I’ve been playing musical instruments since 4th grade, starting when my mom brought me back a little silver fife from Williamsburg, Virginia. I played it for hours. My brother Sean, a first grader at the time, tried to play his but he couldn’t and said it was “stupid” and “girly” and then I had two fifes.

(He would later go on to be a fantastic trumpet player that could hit the highest of high F’s after not playing for a year, but gave that up for FOOTBALL…)

I played flute in 5th grade, then Mom then dusted off her clarinet and I started playing that in 7th. I couldn’t stop practicing, I loved it so much. I would tape myself on a cassette recorder (for the youngins, it was something we old-timers used to record music with) playing one part, then rewind and have a duet with myself.

Good times.

I played all through high school, then packed the clarinet away before leaving for my freshman year at Kent State where I was majoring in elementary education.

That year, I was MISERABLE without playing.  After 6 + years of playing my clarinet, I missed it, but what could I do? I was too shy and figured everyone at the music building were Juilliard caliber players.

Then it happened.

I heard the soundtrack to “The Little Mermaid” and decided right then and there to change my major to music. I went home, got the clarinet, and practiced in the dead of night at the music building so none of the music majors could hear me in case I sucked real bad.

I auditioned, made it into the school and got a scholarship to boot. I was so excited to change majors.

I met my best friend, Diane, the 2nd day of my sophomore year, the fall of 1991. I walked into the band room, and had NO clue where to sit. You have no idea how terrifying that is…everyone knew everyone, and I was freaking out that I would accidentally sit in the flute section, the HORROR.

Thankfully, Diane recognized me from our clarinet class the day before, and yelled: “Hey, come sit by me!” I loved her that moment, and 24 years later we are still best friends.

In college, I played clarinet, then became the Eb clarinet player (it’s like a piccolo clarinet) for the school. At least I played it for most of the pieces, unless a greedy clarinet grad student took my part because there was a great solo in it. BUT I’M NOT BITTER.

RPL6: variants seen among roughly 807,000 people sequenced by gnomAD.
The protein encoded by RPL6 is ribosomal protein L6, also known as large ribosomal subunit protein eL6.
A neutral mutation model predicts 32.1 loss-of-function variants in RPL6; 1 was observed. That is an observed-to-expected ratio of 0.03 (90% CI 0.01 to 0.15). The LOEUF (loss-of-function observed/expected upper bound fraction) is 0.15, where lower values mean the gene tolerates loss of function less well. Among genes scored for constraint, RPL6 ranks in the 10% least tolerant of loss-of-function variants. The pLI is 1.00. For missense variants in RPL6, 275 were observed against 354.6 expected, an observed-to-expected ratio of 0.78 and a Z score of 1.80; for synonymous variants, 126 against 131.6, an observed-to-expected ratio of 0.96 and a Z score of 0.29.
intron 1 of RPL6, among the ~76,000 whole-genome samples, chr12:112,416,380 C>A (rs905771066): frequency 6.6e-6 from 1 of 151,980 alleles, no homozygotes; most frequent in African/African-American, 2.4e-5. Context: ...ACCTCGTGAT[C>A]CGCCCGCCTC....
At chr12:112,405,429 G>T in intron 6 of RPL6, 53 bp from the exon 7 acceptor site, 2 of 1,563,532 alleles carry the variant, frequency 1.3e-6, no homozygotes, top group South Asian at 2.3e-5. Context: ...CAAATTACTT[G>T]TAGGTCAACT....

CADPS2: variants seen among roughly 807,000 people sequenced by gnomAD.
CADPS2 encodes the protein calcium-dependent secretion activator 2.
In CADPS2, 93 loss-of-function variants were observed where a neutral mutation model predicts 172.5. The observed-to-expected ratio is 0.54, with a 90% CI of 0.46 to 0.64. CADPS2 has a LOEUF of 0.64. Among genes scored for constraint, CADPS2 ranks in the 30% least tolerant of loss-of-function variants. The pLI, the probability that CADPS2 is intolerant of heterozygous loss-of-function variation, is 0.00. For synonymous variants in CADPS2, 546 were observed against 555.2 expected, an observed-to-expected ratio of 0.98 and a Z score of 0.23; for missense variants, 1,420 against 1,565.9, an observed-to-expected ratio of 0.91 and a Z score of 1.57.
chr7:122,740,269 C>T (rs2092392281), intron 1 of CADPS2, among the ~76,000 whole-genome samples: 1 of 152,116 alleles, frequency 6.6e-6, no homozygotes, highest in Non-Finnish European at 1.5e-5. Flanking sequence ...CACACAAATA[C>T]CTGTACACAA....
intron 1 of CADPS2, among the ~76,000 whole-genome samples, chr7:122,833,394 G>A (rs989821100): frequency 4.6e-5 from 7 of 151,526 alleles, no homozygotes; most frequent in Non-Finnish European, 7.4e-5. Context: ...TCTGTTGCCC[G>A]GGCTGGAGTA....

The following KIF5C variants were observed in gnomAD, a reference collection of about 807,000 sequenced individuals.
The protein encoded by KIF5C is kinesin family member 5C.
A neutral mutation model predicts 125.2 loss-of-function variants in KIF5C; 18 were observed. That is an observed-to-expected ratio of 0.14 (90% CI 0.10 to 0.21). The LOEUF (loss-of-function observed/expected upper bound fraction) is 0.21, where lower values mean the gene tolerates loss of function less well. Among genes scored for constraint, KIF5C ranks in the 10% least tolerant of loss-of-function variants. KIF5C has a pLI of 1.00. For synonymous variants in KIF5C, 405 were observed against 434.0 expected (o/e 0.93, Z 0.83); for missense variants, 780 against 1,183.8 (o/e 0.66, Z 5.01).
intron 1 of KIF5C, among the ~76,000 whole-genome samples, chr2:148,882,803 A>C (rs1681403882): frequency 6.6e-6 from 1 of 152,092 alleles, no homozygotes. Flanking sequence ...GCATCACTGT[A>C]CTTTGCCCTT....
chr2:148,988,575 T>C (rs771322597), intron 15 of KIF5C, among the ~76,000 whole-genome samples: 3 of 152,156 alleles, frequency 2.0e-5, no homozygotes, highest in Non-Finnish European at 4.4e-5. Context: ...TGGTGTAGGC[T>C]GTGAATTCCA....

I’m still bitter. 

With all the opportunities,  I wasn’t satisfied with just playing clarinet, I needed to play everything I could get my hands on. Luckily I was indulged greatly by the music faculty, and during my years as a music major I played: piccolo, flute, alto flute, bass flute, oboe, Eb clarinet, Bb clarinet, Bass clarinet, contra-bass clarinet, alto, tenor, and baritone saxes, and accompanied soloists on the piano.  I was the person that played what no one else wanted to.

One thing I really wanted to do, though, was direct sing. I thought I had a decent voice, but was so unsure of it that I botched all of my singing auditions in high school. One time, I pretended to have a cold when auditioning for “My Fair Lady” and ended up getting the role of a MAN with 3 lines.  My singing was then limited to a few karaoke sessions at dive bars but only after a few wine coolers.

Hardcore.

I eventually sang in church for a few years, but was always uncomfortable. I decided that one day, I would find the opportunity to sing with a band and belt out something before I die.

Then the community band director mentioned needing a vocalist for “Blue Moon.” In a rare moment of “OMG I WANT IT, PLEASE PLEASE PLEASE PLEASE LEMME HAVE IT!” I asked if I could audition right there. He looked startled and had an “oh-crap-what-if-she-sucks-then-I’ll-have-to-figure-out-how-to-say-no” face, but he let me, and next thing I know, I’m in.

I made it!

So the concert was June 20th, and I got up on stage in a middle school auditorium and sang my heart out. I was not even a little bit nervous, and I’m not sure why. Before a clarinet recital in college I would be ready to hurl 3 seconds before going on stage then break into uncontrollable yawning.

Not this time. I had a lot of friends and family come to see me. The best parts were my husband waving to me like a goober from the very back of the room, my twins yelling: “That’s my mommy!”, and my own mommy beaming at me from a few rows from the front. (She told everyone afterwards: “This is my BABY!”)

Scratch that off the bucket list.

I need to get started on my other items, such as finishing my novel and making millions of dollars, meeting Jon Stewart, and getting my 5 year olds to wipe their butts consistently.

That last one is going to be a doozy!